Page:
Subsonic 808 - Good Times - Force Inc - US Techno
Track ListingSubsonic 808 Mix, Kinky Bros Mix, Glenn Underground Mix, Dj Sneak Mix
Media Condition » Near Mint (NM or M-)
Sleeve Condition » Very Good Plus (VG+)
|Format||Vinyl 12 Inch|
Other Titles by Subsonic 808
• 77 • 77 • Good Times •
Some Other Artists in the US Techno Genre• Inner City • Moby • Mike Wade • Needle Damage • One On One • Rhythmatic • Hard Hats • Dave Clarke • Paris Grey & Kevin Saunderson • Sysex • Reese Project, The • Aphrohead • The Reese Project • This Is War • Model 500 • R+S Project • Leftfield • JMD 2 • RYU • cv313 • Satoshi Tomiie • DJ Marcello & Derrick May • Macaluso • Mateo Murphy • Exit 100 • DJ Dan • Blow Monkeys, The • Reid • Andrew Richley • Josh Wink • Jay Denham • Mark The 909 King • Murat • Pulse • Rave International • Random Access • Northern Lights • Three O'Clock High • Tech-Master 3 • Damon Wild & Tim Taylor •
Some Other Artists on the Force Inc Label• Absolute • Dj Tonka vs Deskee • Ian Pooley & Jaguar • kinky bros • Kerosene • Exos • Bizz OD • DJ Rush • Exit 100 • 4E • Ian Pooley • Biochip C • black one • Ultrahigh •
Information on the US Techno GenreTechno is a form of electronic dance music (EDM) that emerged in Detroit, Michigan, US during the mid to late 1980s. The first recorded use of the word techno, in reference to a genre of music, was in 1988. Many styles of techno now exist, but Detroit techno is seen as the foundation upon which a number of subgenres have been built.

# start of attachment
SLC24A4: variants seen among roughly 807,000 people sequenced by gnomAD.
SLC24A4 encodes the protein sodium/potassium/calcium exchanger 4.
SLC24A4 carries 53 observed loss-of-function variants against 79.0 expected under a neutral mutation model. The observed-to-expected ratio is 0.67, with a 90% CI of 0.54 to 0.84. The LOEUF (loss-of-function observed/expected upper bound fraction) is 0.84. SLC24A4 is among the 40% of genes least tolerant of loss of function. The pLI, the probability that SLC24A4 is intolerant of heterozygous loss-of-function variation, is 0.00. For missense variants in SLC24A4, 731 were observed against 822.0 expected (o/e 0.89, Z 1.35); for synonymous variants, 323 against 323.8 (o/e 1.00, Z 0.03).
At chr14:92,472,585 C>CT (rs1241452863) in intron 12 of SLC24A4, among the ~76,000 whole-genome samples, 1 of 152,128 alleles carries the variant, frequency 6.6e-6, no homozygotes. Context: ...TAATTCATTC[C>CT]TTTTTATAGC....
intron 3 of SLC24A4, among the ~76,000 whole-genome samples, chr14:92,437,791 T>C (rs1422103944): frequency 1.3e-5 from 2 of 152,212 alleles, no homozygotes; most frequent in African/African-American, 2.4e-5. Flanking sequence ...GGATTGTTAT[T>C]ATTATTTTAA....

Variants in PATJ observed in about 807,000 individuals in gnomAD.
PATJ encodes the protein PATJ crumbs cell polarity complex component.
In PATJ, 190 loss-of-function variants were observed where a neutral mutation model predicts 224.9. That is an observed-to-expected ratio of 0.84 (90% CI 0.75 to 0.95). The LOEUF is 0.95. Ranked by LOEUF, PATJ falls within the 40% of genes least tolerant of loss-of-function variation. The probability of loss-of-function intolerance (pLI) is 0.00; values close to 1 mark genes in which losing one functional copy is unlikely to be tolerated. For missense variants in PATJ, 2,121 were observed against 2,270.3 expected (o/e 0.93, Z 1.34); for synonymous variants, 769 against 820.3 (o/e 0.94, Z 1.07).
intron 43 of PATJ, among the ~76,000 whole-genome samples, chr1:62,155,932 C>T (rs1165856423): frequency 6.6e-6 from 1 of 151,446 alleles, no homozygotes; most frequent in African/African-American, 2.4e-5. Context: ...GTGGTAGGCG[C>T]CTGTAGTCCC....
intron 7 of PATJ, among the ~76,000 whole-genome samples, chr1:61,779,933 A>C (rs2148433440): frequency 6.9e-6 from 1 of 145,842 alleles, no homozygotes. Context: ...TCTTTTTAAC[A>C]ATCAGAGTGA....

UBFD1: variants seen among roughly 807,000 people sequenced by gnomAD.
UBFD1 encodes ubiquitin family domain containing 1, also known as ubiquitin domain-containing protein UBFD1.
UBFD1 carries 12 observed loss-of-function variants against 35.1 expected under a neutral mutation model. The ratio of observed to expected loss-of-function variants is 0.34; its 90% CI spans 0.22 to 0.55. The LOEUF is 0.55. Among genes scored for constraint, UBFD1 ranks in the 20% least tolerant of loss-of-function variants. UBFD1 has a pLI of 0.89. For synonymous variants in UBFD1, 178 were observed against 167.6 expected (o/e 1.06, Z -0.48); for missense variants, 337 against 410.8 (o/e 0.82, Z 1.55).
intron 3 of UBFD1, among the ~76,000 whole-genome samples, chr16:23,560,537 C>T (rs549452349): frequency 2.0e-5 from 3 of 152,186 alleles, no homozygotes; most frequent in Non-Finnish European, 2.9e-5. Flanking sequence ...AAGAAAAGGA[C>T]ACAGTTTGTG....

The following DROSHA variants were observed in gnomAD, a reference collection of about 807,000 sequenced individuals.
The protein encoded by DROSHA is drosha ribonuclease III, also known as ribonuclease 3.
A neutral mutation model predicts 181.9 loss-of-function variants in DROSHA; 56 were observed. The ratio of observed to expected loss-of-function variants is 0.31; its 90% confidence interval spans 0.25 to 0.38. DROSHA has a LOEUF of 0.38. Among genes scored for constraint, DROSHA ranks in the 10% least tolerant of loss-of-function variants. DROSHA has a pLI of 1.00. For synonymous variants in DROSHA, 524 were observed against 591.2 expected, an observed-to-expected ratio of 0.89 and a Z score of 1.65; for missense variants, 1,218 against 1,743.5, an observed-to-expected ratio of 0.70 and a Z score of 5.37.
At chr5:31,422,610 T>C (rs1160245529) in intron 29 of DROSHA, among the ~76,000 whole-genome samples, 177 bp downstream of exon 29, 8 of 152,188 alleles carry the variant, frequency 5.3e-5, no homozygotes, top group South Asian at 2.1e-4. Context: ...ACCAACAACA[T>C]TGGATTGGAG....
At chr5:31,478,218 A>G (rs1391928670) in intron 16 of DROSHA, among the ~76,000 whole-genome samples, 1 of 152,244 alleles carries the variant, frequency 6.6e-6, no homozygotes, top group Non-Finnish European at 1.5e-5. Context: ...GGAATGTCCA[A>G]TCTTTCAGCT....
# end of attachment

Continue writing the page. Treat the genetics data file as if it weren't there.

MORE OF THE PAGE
The initial take on techno arose from the melding of Eurocentric synthesizer-based music with various American post-disco and pre-disco music styles such as Chicago house, funk, electro, and electric jazz. Added to this is the influence of futuristic and fictional themes that are relevant to life in American late capitalist society—particularly the book The Third Wave by Alvin Toffler. Pioneering producer Juan Atkins cites Toffler's phrase "techno rebels" as inspiring him to use the word techno to describe the musical style he helped to create. This unique blend of influences aligns techno with the aesthetic referred to as afrofuturism. To producers such as Derrick May, the transference of spirit from the body to the machine is often a central preoccupation; essentially an expression of technological spirituality.In this manner: "techno dance music defeats what Adorno saw as the alienating effect of mechanisation on the modern consciousness".
Music journalists and fans of techno are generally selective in their use of the term; so a clear distinction can be made between sometimes related but often qualitatively different styles, such as tech house and trance. "Techno" is also commonly confused with generalized descriptors, such as electronic music and dance music.